Empty it when you're finished, and while the iron is still warm. What's left should evaporate out.
Clean, baby, clean!
Here's where you really need to read the manual. Rowenta doesn't recommend vinegar in the steam generator iron, but most home steam irons do benefit from a vinegar/water mix. I usually go with no stronger than 50/50, but generally 1/4 to 1/3 vinegar. Hit the steam burst button (if you have one) a few times (I usually do this on and off for a minute), then empty the reservoir and refill with water, then hit the steam button a few times to finish cleaning out the vents. Always turn the iron off and unplug it when you fill/empty the reservoir. If you haven't done this in a while, keep pressing the steam burst button or let it run on high steam until you see the steam running as it should. Some irons have a self cleaning setting, and if you use it often you shouldn't have to run vinegar through it. If you only use your iron occasionally, use the self cleaning setting every time you use steam. It only takes a minute.
Cleaning agents for the sole
Ah, yes. The sole plate. If you use your iron a lot, it's gonna get dirty. If you iron-on interfacing, you'll get gunk on it. There are several things you can do:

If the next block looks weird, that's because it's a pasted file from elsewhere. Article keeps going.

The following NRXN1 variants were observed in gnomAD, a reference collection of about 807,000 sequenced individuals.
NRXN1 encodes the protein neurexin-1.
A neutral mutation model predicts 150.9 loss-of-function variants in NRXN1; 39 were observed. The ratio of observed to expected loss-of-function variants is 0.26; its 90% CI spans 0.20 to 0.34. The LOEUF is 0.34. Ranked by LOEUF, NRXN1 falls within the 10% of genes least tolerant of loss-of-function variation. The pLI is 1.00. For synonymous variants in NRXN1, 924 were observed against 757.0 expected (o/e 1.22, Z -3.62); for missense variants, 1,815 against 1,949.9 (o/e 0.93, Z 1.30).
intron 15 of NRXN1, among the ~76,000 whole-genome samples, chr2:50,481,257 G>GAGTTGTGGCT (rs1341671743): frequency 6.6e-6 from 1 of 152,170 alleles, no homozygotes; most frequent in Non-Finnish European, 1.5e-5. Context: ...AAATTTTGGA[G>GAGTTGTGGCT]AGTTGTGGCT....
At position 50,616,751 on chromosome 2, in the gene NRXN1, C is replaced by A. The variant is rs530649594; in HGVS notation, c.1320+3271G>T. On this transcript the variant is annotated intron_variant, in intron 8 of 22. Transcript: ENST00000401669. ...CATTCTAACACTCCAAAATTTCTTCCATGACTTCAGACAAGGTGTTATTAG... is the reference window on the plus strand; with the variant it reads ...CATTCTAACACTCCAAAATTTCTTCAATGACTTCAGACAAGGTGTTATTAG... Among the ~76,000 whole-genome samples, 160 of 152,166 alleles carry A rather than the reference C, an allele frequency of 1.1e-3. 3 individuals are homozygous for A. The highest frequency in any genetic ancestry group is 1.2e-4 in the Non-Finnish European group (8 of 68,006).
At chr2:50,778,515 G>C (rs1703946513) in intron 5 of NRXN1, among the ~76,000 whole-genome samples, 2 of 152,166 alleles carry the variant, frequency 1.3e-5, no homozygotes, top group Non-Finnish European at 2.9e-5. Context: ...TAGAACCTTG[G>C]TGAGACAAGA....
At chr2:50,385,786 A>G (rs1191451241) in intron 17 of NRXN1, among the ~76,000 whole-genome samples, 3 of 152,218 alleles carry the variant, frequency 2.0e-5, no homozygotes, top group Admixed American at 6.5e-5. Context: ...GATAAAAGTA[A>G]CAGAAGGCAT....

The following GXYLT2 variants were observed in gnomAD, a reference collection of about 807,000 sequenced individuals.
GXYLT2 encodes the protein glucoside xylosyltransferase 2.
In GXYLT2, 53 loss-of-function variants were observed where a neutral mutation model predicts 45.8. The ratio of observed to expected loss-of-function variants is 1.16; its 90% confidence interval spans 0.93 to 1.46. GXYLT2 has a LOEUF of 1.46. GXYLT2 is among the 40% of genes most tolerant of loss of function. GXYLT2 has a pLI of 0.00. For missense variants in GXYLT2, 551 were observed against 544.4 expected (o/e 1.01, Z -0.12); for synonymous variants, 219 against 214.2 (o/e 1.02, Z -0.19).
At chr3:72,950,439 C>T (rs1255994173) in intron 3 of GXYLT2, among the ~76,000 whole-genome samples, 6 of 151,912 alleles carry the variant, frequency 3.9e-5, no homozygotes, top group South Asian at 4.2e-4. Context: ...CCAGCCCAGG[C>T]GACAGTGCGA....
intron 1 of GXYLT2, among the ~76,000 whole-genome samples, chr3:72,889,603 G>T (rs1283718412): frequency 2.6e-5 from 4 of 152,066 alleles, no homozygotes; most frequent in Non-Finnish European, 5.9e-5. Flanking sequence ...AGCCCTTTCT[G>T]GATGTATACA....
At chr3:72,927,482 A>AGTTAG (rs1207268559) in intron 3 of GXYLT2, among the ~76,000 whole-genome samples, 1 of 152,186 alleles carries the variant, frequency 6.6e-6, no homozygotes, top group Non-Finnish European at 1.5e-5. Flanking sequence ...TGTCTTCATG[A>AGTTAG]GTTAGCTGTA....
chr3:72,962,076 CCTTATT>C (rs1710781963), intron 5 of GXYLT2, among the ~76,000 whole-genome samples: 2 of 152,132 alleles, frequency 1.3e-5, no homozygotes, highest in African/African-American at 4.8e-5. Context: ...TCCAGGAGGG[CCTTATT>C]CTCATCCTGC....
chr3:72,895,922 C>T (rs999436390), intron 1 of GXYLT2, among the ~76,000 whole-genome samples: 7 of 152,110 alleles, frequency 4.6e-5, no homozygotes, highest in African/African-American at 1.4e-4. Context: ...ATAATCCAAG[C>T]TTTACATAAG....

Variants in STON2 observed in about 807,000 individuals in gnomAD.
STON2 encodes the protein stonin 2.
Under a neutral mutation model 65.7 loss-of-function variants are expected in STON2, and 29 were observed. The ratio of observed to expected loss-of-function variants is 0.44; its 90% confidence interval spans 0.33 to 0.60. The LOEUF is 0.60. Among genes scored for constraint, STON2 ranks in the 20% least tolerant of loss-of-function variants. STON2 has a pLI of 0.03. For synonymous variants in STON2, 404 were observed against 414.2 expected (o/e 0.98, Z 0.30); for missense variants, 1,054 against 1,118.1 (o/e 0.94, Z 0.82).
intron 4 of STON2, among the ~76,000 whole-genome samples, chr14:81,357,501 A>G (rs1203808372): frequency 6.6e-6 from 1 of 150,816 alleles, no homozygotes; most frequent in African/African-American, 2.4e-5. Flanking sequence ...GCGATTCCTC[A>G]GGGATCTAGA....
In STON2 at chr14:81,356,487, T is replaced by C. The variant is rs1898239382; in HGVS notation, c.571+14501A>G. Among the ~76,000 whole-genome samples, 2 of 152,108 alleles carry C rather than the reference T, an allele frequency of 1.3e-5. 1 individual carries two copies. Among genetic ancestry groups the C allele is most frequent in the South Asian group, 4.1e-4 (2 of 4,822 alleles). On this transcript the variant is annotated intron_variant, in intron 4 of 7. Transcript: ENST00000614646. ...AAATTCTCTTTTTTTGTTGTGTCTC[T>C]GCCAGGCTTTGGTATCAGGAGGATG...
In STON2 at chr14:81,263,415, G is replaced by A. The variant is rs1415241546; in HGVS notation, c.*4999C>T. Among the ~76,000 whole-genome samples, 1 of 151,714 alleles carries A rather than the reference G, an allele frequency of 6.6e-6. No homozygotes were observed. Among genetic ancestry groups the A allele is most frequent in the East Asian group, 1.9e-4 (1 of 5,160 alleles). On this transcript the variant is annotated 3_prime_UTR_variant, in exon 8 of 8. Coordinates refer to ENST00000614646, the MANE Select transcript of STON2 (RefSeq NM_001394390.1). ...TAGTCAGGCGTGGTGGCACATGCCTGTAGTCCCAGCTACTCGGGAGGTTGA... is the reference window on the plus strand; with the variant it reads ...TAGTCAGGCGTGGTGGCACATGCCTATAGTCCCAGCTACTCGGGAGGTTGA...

- Read the manual. If you have a non-stick coated sole plate, some of the tips here may ruin the coating. Follow the manufacturer's directions.
- When the iron is hot, use a product such as Iron Off. I keep a couple of old washcloths around for just this purpose. Turn off the steam and use the product as directed. CAUTION! Your iron is very hot (duh!) and you need to take care that you don't burn yourself. Try putting the cleaner on the cloth and ironing over it. When you're finished, run the iron over an old, damp towel until it's polished. Keep the heat on high and the steam off. It doesn't take long.
- When the iron is cold, there are several things you can do. Again, check your manual so you don't ruin a non-stick plate. Never use anything abrasive, though a green kitchen scrubber may work. Use caution. I've found that the cleaner for ceramic counter tops works fairly well on uncoated sole plates. A vinegar and baking soda paste should be safe for even coated plates. It may take a lot of elbow grease as well. Use cotton swabs on the vent holes if you have trouble cleaning those. When finished, run some steam through the iron to get any gunk out of the holes, then polish as above.
(Tip: If you're working with iron-on interfacing or adhesives, lay an old towel down on the ironing board and one over your work. The adhesive will get on the towels and your iron and ironing board will stay clean. Don't have old towels? Go to the big box discount store or dollar store and get a few cheapies. Your good towels will thank you. So will your iron and ironing board cover.)
Before you iron...
I always aim the iron away from the board and hit the steam button - even if the steam is turned off - before I iron. If the iron is going to spew crud, this is most likely when it will happen. Better to have crud drip on the floor than your best shirt or expensive fabric.
There you have it. What do you do to keep your iron in good shape? Share your tips in the comments.